Physics and Astronomy Colloquium Series
Dr. Kyle P. Watters
Thursday, Nov. 13, 2014
Humanity has always been drawn to explore the extremes of the natural world around us
- the tallest mountains, the darkest jungles, the deepest oceans. Space exploration is the
obvious continuation of this drive, and it’s hard not to persist in our quest for the extremes
- the hottest stars, the biggest galaxies, the oldest clusters. This talk explores neutron stars,
home to arguably the most extreme stellar environments in the universe.
Left behind after the supernova explosion of a massive star, a neutron star is the tiny, dense
smoldering core of a once enormous object. These incredible stars are home to some of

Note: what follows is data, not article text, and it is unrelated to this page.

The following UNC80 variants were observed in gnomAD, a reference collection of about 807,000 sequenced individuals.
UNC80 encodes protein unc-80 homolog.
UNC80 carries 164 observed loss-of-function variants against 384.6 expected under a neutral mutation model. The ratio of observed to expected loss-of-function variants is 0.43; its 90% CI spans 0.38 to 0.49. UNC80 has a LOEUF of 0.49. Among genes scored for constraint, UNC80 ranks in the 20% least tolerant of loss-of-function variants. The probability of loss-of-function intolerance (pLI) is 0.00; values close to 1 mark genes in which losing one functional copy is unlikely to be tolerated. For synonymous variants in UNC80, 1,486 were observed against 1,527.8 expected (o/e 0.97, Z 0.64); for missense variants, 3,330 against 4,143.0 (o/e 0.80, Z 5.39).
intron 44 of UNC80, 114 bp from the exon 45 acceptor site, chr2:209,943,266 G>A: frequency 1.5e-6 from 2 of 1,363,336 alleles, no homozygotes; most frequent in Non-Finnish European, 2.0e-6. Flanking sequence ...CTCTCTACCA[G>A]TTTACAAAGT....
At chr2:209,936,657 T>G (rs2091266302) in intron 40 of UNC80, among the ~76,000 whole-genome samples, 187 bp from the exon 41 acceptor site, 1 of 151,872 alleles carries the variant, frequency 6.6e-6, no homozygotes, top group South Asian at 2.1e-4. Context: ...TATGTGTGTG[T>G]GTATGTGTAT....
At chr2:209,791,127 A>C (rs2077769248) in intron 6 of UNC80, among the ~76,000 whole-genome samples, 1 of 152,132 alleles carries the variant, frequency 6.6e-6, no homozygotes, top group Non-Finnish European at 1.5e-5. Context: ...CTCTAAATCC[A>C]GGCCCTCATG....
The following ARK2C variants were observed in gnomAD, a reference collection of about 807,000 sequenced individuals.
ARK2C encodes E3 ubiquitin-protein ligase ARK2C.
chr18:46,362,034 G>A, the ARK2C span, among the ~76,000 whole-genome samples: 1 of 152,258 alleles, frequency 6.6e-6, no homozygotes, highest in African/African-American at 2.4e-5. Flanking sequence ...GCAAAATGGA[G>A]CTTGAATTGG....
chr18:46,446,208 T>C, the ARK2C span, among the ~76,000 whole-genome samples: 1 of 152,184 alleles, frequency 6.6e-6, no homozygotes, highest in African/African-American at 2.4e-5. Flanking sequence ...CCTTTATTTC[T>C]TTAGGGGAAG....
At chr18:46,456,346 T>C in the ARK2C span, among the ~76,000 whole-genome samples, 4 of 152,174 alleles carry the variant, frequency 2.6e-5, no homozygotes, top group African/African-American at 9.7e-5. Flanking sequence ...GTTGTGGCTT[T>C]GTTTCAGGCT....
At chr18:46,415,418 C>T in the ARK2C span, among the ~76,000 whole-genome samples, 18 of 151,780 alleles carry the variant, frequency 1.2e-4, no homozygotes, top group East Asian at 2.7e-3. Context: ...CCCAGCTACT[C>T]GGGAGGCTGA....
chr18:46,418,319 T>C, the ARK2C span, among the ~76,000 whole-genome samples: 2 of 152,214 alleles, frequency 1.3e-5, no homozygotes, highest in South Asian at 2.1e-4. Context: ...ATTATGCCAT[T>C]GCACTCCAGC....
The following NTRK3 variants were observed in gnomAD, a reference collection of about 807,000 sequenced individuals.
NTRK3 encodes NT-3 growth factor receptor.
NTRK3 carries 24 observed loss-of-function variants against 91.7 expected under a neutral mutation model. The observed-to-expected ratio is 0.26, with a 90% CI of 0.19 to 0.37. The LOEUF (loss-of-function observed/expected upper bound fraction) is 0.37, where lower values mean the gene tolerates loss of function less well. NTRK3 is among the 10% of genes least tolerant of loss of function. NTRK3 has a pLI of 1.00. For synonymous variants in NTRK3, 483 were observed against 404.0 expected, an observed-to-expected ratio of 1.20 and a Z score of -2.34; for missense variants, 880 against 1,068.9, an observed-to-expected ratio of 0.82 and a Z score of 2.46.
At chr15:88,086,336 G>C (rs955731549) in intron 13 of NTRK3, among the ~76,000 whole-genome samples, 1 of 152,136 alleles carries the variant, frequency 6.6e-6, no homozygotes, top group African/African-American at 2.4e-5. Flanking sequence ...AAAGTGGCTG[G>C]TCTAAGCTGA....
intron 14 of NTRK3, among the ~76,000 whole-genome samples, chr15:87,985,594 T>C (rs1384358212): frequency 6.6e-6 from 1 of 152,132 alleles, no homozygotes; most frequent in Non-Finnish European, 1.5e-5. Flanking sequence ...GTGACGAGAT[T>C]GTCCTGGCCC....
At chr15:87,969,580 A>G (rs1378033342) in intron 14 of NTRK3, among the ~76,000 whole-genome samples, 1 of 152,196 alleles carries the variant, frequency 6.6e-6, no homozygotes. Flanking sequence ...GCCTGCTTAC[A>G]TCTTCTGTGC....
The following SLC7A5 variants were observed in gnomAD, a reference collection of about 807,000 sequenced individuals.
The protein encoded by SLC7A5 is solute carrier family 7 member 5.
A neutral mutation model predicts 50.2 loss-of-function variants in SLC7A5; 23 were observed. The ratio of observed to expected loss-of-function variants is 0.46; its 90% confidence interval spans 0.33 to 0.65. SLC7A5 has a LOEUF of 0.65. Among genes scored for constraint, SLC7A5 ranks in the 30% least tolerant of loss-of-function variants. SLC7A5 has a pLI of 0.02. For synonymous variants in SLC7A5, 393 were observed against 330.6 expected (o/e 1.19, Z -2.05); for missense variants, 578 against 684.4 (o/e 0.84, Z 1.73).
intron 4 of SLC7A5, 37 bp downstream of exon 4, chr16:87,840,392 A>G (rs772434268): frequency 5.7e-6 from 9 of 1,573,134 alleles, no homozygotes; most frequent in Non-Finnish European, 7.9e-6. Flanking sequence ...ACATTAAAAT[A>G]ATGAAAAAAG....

the most extreme conditions in the universe. They host magnetic and gravitational field
strengths so high that our standard understandings do not apply. They rotate so fast that
any normal star would be torn apart by centrifugal forces. Young neutron stars (called
pulsars) are known to emit radiation across the entire electromagnetic spectrum, from
radio waves to gamma rays. I will discuss the observational history of these objects,
ongoing projects to study them, what we have already learned, and what still remains a
mystery after several decades of research.
The Physics and Astronomy Colloquium Series is open to all members of the university. Unless otherwise noted, talks are held on Thursday afternoons at 4:00-5:20 in Mendocino 1015. Schedule is regularly updated as dates, titles, and abstracts are received. Please check back often. To receive updates about the Colloquium Series, please join our Events Mailing List. For past semesters' series, see our archive.
Fall 2014 Semester Schedule
We will update the schedule for the Fall 2014 semester as we get closer to the start of the semester. Have a great summer!
Oct. 2, 2014
Oct. 16, 2014
Oct. 30, 2014
Nov. 13, 2014
Dec. 4, 2014